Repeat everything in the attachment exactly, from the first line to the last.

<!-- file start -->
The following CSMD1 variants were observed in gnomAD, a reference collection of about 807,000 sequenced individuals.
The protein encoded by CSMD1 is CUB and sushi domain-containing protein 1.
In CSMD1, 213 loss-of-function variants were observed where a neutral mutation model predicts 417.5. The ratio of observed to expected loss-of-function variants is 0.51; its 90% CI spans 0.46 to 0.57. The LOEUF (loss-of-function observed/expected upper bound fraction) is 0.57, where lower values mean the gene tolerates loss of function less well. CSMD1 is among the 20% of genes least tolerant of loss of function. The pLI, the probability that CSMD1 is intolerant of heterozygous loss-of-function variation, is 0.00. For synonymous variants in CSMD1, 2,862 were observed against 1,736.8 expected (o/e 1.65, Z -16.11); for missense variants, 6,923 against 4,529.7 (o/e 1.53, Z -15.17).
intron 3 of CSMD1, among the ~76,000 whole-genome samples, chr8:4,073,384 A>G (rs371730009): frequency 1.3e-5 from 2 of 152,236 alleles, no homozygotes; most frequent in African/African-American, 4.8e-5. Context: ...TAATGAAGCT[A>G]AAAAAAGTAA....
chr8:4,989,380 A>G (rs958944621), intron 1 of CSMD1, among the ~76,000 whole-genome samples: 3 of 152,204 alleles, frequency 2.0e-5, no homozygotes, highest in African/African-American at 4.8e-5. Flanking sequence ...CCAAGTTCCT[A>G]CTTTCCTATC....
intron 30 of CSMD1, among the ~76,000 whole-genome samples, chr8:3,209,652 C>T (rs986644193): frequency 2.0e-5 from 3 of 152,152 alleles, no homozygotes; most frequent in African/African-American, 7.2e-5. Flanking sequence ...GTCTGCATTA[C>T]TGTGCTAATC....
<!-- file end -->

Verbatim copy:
The following CSMD1 variants were observed in gnomAD, a reference collection of about 807,000 sequenced individuals.
The protein encoded by CSMD1 is CUB and sushi domain-containing protein 1.
In CSMD1, 213 loss-of-function variants were observed where a neutral mutation model predicts 417.5. The ratio of observed to expected loss-of-function variants is 0.51; its 90% CI spans 0.46 to 0.57. The LOEUF (loss-of-function observed/expected upper bound fraction) is 0.57, where lower values mean the gene tolerates loss of function less well. CSMD1 is among the 20% of genes least tolerant of loss of function. The pLI, the probability that CSMD1 is intolerant of heterozygous loss-of-function variation, is 0.00. For synonymous variants in CSMD1, 2,862 were observed against 1,736.8 expected (o/e 1.65, Z -16.11); for missense variants, 6,923 against 4,529.7 (o/e 1.53, Z -15.17).
intron 3 of CSMD1, among the ~76,000 whole-genome samples, chr8:4,073,384 A>G (rs371730009): frequency 1.3e-5 from 2 of 152,236 alleles, no homozygotes; most frequent in African/African-American, 4.8e-5. Context: ...TAATGAAGCT[A>G]AAAAAAGTAA....
chr8:4,989,380 A>G (rs958944621), intron 1 of CSMD1, among the ~76,000 whole-genome samples: 3 of 152,204 alleles, frequency 2.0e-5, no homozygotes, highest in African/African-American at 4.8e-5. Flanking sequence ...CCAAGTTCCT[A>G]CTTTCCTATC....
intron 30 of CSMD1, among the ~76,000 whole-genome samples, chr8:3,209,652 C>T (rs986644193): frequency 2.0e-5 from 3 of 152,152 alleles, no homozygotes; most frequent in African/African-American, 7.2e-5. Flanking sequence ...GTCTGCATTA[C>T]TGTGCTAATC....